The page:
Winners of 2015 CLP awards

April 13, 2015

The Conservation Leadership Programme (CLP) is delighted to announce the winners of the 2015 team Conservation Awards. In this, our 30th anniversary year, we received an exceptionally high calibre of proposals and we are excited to see the projects begin. We are awarding 22 awards this year worth a total of $300,480 including 19 Future Conservationist Awards, 2 Conservation Follow-Up Awards and 1 Conservation Leadership Award.

Upon hearing the news of the award, new grantee Dr. Karim Omar of Egypt wrote:

“After a hard day work I opened my e-mail and found this great news. This opportunity will really push me further in the field of plant conservation.”

Karim’s project focuses on the Sinai wild rose (Rosa arabica) which is listed as one of the world’s most threatened species. There are fewer than 100 Sinai wild rose plants in the wild found in nine locations around St Katherine Protectorate in Egypt and they are threatened by climate change and over-harvesting for natural medicines and over-grazing. Through the CLP-funded project Karim and his team will assess the conservation status of this species with the help of local community members and generate a long-term conservation plan for the wild rose.

The awarded projects are as follows:

Future Conservationist Awards

Conservation Follow-Up Awards

Conservation Leadership Award

Many congratulations to all of the awarded teams. One member from each team will be invited to attend the CLP International Training Course in Canada later this year. This two week course is a fantastic opportunity for conservationists from around the world to receive training in high priority topics and create a peer to peer network. Winning a CLP award also gives a team access to the CLP alumni network which offers more opportunities for funding, training and learning exchanges.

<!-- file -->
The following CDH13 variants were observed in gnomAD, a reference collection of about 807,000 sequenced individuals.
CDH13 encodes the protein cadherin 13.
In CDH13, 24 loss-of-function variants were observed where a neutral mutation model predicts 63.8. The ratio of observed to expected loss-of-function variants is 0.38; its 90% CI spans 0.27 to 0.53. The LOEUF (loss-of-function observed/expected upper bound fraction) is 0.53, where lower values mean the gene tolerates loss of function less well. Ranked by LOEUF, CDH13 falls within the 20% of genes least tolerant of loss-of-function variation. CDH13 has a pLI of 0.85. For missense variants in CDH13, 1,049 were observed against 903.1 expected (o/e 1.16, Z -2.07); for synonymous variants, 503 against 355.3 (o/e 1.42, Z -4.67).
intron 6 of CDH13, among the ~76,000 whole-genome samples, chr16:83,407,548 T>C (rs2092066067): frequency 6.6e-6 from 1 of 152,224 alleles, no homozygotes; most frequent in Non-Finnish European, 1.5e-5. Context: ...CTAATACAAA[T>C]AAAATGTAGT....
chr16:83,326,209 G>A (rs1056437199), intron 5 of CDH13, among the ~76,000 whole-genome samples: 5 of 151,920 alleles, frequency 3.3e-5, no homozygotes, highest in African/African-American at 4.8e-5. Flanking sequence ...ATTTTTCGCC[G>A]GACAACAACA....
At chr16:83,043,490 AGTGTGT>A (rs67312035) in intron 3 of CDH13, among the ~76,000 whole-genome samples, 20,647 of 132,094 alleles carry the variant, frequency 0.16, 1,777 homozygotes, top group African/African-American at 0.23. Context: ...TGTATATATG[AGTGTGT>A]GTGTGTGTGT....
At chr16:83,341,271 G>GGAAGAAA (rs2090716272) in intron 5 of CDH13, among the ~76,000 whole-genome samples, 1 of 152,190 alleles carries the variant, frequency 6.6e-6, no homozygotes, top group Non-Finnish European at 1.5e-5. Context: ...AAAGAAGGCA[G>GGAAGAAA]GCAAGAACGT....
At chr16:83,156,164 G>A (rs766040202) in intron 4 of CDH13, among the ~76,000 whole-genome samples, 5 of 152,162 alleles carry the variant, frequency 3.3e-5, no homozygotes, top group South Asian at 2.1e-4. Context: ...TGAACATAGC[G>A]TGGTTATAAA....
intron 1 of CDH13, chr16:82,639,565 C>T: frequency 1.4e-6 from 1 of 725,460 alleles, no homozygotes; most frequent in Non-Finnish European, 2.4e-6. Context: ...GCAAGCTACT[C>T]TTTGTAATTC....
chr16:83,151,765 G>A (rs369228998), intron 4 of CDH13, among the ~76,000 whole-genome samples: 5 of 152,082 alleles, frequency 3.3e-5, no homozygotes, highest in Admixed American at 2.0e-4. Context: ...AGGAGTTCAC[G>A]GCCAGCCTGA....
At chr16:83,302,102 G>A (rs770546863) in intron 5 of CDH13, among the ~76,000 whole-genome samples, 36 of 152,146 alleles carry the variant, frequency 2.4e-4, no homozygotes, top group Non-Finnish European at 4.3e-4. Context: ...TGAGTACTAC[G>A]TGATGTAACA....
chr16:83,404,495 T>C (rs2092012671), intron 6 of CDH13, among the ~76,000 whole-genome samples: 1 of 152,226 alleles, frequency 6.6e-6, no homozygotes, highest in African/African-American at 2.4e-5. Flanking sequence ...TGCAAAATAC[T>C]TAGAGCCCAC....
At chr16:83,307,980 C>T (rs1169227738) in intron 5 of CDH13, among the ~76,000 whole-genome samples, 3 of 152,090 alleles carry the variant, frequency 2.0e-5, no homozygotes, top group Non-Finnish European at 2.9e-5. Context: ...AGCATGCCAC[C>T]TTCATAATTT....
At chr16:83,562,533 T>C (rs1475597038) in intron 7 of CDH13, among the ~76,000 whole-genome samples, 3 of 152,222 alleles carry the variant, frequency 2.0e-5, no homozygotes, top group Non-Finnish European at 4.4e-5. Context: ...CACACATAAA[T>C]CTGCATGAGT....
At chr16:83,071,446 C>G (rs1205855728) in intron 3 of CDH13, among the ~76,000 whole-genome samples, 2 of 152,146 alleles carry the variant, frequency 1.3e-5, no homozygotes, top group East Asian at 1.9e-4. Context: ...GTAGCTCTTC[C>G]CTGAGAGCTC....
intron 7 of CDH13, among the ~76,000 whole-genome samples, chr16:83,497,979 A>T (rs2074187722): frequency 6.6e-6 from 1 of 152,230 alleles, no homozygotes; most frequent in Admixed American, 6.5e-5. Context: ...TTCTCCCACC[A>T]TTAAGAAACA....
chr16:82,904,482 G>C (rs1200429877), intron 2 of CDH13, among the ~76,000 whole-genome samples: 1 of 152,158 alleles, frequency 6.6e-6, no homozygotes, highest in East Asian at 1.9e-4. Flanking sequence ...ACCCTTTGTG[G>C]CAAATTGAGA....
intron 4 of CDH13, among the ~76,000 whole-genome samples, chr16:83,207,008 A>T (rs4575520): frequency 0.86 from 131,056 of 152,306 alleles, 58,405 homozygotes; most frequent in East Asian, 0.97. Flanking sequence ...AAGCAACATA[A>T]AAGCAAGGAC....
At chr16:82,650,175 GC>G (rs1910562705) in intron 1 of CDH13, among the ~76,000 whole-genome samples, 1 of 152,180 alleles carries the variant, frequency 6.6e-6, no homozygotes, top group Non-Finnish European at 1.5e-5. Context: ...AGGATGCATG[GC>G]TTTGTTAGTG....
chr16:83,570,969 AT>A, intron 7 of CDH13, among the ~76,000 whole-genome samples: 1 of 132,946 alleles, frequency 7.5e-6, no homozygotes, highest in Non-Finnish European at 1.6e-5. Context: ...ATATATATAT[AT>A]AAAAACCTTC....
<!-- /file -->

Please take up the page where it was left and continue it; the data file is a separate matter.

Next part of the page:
In Vietnam, CLP is supporting a project to reduce threats to several cetacean species including the Irrawaddy dolphin (Orcaella brevirostris), finless porpoise (Neophocaena phocaenoides) and Indo-Pacific bottlenose dolphin (Tursiops aduncus). Through boat-based surveys the team will map species distribution and generate robust estimates of abundance. They will also work alongside local communities to raise awareness on cetacean conservation and present their results to local authorities, government agencies and NGOs to help develop a legacy for future cetacean conservation initiatives in this area.

“On the behalf of my team, I would like to address my sincere thanks to Conservation Leadership Programme for supporting our cetacean conservation efforts.” Vu Long, Conservation of cetacean in Kien Giang Biosphere Reserve, Vietnam, 2015.

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